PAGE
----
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2022-2023 Academic Year in Review
The Center for Innovative Hospitality Labor and Employment Relations (2023-12-05)
2022-2023 Annual Review published by the staff of the Center for Innovative Hospitality Labor and Employment Relations (CIHLER) at Cornell University's Nolan School of Hotel Administration.
Compound data for Selective Electrocatalytic Degradation of Ether-Containing Polymers
Hsu, Jesse H.; Ball, Tyler E.; Oh, Sewon; Stache, Erin E.; Fors, Brett P. (2023)
These files contain characterization data supporting all results reported in Hsu, J. H. et al. Selective Electrocatalytic Degradation of Ether-Containing Polymers. Data types include NMR, GPC, CV, and FT-IR. Experimental detail included in the Supporting Information.
Her Voice: Recounting Japanese Military Sexual Slavery in Chinese Literature and Film
East Asia Program, Cornell University (East Asia Program, Cornell University, 2023-03-06)
This talk examines the voices of “comfort women” as a motif in Chinese wartime literature in the 1930s and 1940s, as well as recent documentary films Thirty-Two (2013) and Twenty Two (2015), which focus on the daily lives of the dwindling number of “comfort women” survivors in China. This talk explores how personal testimonials of “comfort women” can be included in collective memory and how women’s wartime sufferings can be remembered within and without a nationalist framework.
Transgender in Late Imperial China
Matthew Sommer (East Asia Program, Cornell University, 2023-04-20)
Matthew Sommer (History, Stanford University) This talk presents three case studies from the Qing dynasty of people assigned male at birth who lived as women, while carefully concealing their assigned sex from others. One presented themself as a widow and had a successful career as a midwife for thirty years. Two others practiced faith-healing, and enjoyed relationships with male partners whom they served as wives. All three were eventually exposed and prosecuted for the crime of “masquerading in women’s attire.” What were the circumstances of these individuals’ lives, and how did Qing officials interpret their violation of normative gender boundaries? Sommer is a social and legal historian of China in the Qing dynasty (1644-1912). His research focuses on gender, sexuality, and family, and the main source for his work is original legal case records from local and central archives in China.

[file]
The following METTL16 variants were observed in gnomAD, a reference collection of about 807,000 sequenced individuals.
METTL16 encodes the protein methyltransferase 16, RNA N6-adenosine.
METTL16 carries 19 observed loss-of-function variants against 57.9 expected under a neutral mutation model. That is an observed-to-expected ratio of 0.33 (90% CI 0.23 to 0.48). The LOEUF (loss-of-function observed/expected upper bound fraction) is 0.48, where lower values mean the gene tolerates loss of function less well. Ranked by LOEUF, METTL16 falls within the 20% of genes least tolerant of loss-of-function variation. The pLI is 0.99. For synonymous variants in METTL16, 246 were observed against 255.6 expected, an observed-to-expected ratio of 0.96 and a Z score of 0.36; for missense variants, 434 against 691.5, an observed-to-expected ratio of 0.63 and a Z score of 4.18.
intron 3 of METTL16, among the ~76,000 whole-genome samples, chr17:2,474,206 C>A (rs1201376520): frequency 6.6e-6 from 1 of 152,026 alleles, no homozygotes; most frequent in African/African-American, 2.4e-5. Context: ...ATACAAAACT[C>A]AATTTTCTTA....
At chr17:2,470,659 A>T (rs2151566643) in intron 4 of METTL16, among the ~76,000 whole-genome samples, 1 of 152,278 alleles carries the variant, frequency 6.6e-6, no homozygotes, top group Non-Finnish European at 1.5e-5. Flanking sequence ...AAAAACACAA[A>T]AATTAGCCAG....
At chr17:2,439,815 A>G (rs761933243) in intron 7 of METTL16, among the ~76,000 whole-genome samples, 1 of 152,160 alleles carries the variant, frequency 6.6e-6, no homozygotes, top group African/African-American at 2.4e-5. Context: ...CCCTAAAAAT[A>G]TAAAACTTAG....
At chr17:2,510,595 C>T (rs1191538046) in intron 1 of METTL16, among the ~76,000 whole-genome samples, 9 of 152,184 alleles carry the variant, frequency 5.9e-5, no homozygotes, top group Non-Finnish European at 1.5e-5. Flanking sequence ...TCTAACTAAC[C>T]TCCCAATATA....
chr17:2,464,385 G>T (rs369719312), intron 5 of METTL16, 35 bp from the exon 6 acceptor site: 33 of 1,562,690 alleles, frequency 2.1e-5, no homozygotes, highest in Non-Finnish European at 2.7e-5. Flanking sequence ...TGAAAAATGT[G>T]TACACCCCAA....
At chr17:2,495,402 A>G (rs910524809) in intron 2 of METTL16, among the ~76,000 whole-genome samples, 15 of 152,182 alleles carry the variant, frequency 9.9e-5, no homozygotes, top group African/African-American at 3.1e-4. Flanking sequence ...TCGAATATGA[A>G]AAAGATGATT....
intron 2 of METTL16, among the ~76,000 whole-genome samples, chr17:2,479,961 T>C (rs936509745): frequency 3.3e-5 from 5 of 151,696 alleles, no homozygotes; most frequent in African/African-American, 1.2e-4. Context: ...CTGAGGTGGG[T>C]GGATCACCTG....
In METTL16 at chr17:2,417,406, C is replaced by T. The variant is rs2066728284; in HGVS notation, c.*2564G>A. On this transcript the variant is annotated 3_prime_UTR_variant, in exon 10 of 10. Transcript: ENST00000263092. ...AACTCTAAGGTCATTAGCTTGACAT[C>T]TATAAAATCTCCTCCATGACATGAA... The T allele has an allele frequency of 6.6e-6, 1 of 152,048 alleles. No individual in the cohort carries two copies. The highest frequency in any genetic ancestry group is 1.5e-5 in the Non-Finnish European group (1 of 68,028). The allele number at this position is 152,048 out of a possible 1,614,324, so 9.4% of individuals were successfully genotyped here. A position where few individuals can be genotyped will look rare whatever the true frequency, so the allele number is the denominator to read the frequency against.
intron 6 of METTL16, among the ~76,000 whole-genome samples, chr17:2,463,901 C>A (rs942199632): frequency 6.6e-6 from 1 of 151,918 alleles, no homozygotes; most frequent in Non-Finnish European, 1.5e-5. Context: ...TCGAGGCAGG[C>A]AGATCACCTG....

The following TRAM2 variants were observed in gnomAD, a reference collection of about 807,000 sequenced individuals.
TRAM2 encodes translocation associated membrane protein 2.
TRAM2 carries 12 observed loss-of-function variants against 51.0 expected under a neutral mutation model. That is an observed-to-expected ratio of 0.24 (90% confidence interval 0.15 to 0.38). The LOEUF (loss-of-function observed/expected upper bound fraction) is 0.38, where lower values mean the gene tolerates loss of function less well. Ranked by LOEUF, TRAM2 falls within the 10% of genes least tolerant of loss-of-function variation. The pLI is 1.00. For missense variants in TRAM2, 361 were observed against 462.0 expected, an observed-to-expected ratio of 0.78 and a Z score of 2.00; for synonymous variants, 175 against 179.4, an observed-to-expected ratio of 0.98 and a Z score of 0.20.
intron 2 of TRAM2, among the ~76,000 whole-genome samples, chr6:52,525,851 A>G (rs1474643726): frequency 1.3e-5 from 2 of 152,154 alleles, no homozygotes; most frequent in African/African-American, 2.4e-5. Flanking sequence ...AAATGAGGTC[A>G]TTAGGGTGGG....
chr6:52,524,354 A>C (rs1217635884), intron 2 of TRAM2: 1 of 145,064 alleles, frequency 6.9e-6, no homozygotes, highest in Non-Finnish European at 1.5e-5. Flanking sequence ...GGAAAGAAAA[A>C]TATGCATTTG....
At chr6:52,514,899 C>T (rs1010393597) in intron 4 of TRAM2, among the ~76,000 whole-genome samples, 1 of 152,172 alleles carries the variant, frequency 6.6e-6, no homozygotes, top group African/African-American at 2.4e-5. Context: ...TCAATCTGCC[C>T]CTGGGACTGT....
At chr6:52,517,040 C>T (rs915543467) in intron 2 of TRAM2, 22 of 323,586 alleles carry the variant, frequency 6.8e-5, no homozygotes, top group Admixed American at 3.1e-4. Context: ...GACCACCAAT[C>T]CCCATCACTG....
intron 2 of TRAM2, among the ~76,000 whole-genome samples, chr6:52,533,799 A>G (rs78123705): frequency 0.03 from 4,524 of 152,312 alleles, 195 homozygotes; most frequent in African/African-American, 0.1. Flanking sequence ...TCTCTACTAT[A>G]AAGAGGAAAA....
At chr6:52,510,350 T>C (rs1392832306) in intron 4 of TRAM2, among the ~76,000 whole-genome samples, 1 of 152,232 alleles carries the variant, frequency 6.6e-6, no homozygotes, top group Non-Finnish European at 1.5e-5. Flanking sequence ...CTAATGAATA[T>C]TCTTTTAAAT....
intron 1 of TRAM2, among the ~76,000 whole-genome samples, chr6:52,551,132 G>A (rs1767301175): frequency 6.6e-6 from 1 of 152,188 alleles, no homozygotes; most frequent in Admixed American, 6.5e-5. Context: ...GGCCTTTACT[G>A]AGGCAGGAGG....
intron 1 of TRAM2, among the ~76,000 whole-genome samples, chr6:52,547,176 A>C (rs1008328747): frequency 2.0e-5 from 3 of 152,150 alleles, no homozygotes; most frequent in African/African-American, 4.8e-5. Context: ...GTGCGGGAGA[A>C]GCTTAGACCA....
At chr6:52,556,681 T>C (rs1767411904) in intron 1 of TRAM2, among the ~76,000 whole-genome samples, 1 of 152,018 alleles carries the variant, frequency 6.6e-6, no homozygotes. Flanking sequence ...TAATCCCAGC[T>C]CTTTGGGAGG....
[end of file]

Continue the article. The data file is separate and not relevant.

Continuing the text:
Guiding the People: Chinese Statecraft from Confucian Literati to Communist Cadres
Timothy Cheek (East Asia Program, Cornell University, 2023-09-25)
Timothy Cheek, History, University of British Columbia kicks off this semester's CCCI lecture series with the theme of "China, the Central State and All Under Heaven." How is China governed? It is a question on our minds today as the rule of Xi Jinping in China challenges American hopes and stokes our fears. Is it Communist? Capitalist? Confucian? Making sense of Chinese statecraft, or of how any state is governed, requires not only political analysis but also some sense of the context, inherited problems, sense of self, that is, of its history. This is a fundamental historiographical challenge: how and in what ways can knowledge of past practice inform our understanding of later or current practice? How can specific knowledge of history inform, deepen, challenge, and open up new questions about what we think we know of our present rather than simply reinforcing our current assumptions and prejudices? This lecture explores that challenge to the practice of history through the example of one sort of governance—state-sponsored, village-based local public education in civic virtues. This state attempt to create ideal subjects began with the Confucians of the early 11th century, continued in rural education programs in Republican China in the 1930s, re-emerged in Communist ideological remolding campaigns under Mao, and appeared once again in political study sessions in Xi Jinping’s China today.